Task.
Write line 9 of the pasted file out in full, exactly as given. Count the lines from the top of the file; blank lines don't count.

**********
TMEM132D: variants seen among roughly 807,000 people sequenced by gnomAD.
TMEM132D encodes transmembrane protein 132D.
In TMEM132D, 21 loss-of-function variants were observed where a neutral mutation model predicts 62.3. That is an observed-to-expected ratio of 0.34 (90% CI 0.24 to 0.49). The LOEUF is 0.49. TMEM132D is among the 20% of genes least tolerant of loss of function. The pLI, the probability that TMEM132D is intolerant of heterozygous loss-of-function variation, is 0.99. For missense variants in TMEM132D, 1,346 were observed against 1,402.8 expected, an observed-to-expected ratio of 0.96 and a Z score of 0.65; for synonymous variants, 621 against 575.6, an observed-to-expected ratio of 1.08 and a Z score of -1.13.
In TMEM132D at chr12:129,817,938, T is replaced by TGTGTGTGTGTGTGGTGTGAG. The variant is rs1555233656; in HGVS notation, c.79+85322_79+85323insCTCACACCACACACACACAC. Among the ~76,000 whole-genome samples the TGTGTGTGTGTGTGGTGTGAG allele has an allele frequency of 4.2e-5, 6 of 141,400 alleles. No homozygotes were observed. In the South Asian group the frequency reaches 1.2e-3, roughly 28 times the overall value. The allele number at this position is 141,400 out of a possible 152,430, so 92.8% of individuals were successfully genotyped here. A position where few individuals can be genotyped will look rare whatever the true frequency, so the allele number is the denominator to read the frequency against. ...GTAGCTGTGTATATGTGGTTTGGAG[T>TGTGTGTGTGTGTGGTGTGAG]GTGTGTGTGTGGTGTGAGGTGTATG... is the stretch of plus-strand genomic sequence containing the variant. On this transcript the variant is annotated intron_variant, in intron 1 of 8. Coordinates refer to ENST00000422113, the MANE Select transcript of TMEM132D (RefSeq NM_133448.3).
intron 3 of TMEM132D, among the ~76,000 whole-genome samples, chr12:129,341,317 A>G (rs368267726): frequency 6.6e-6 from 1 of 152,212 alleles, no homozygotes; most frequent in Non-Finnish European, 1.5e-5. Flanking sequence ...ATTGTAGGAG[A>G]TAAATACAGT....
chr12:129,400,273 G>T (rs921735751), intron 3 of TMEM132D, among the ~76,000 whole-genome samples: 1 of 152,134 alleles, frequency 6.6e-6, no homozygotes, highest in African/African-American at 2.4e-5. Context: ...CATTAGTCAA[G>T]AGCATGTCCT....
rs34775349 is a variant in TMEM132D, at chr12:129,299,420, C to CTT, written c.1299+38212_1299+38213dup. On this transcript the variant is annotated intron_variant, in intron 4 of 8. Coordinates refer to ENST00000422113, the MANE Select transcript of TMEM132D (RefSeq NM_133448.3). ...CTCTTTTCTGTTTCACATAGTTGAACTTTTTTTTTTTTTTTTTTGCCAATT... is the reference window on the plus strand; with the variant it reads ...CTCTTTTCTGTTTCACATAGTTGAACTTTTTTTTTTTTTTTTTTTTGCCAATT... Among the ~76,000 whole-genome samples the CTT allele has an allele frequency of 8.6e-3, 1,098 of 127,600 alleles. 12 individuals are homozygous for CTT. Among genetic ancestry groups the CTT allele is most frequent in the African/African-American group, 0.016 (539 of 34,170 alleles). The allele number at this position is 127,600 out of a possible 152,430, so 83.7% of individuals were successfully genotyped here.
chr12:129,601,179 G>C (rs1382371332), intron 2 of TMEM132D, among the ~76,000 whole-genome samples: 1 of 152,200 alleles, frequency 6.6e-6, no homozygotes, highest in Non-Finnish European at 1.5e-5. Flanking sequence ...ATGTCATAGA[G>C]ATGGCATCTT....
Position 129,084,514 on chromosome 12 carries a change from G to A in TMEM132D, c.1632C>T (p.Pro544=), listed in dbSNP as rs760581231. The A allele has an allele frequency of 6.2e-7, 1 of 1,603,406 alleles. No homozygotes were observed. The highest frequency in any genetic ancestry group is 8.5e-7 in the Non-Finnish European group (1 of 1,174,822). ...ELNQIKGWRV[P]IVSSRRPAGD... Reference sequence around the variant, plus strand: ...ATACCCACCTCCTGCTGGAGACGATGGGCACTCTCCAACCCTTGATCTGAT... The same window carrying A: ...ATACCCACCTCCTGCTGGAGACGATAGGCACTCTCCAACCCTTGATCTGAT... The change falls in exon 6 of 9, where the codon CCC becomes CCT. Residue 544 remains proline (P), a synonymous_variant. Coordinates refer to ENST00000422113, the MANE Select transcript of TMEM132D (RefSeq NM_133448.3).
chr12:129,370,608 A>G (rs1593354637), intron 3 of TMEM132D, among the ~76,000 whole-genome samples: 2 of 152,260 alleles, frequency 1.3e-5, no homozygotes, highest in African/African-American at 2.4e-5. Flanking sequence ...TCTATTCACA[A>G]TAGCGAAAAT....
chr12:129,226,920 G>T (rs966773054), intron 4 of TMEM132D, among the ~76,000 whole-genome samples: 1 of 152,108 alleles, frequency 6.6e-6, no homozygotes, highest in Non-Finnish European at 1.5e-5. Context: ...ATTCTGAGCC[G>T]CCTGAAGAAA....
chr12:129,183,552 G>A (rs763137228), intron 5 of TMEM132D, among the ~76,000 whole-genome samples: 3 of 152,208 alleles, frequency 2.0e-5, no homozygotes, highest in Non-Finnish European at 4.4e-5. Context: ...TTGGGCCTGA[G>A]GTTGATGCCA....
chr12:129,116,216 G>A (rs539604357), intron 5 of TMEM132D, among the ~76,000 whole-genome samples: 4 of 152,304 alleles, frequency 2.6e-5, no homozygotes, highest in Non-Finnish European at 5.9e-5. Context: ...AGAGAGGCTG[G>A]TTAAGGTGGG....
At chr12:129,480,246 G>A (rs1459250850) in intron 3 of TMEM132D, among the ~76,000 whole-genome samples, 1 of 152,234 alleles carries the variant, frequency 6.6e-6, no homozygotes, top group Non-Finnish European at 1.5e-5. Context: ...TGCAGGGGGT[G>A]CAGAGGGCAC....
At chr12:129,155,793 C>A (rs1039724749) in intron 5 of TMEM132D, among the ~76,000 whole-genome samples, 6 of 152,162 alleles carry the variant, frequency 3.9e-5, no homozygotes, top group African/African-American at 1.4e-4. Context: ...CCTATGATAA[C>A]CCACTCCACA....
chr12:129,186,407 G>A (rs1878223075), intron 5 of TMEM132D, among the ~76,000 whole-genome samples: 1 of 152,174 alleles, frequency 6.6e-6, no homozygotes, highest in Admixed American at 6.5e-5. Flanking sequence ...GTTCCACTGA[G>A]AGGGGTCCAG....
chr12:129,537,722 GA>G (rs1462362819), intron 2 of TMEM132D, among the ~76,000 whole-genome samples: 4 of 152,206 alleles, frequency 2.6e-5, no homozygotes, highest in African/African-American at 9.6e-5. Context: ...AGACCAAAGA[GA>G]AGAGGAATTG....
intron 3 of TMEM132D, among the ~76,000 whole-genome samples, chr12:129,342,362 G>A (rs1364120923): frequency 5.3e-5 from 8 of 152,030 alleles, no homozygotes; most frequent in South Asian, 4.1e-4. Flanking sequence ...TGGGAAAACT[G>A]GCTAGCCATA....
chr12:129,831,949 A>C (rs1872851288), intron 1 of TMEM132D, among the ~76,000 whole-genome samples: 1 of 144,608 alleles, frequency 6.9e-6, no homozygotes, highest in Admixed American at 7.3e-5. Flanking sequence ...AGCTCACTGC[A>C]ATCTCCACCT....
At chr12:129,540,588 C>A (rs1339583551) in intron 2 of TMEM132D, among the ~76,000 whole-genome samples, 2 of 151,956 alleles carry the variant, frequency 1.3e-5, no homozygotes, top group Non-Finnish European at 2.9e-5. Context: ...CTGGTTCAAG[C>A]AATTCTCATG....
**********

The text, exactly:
Position 129,084,514 on chromosome 12 carries a change from G to A in TMEM132D, c.1632C>T (p.Pro544=), listed in dbSNP as rs760581231. The A allele has an allele frequency of 6.2e-7, 1 of 1,603,406 alleles. No homozygotes were observed. The highest frequency in any genetic ancestry group is 8.5e-7 in the Non-Finnish European group (1 of 1,174,822). ...ELNQIKGWRV[P]IVSSRRPAGD... Reference sequence around the variant, plus strand: ...ATACCCACCTCCTGCTGGAGACGATGGGCACTCTCCAACCCTTGATCTGAT... The same window carrying A: ...ATACCCACCTCCTGCTGGAGACGATAGGCACTCTCCAACCCTTGATCTGAT... The change falls in exon 6 of 9, where the codon CCC becomes CCT. Residue 544 remains proline (P), a synonymous_variant. Coordinates refer to ENST00000422113, the MANE Select transcript of TMEM132D (RefSeq NM_133448.3).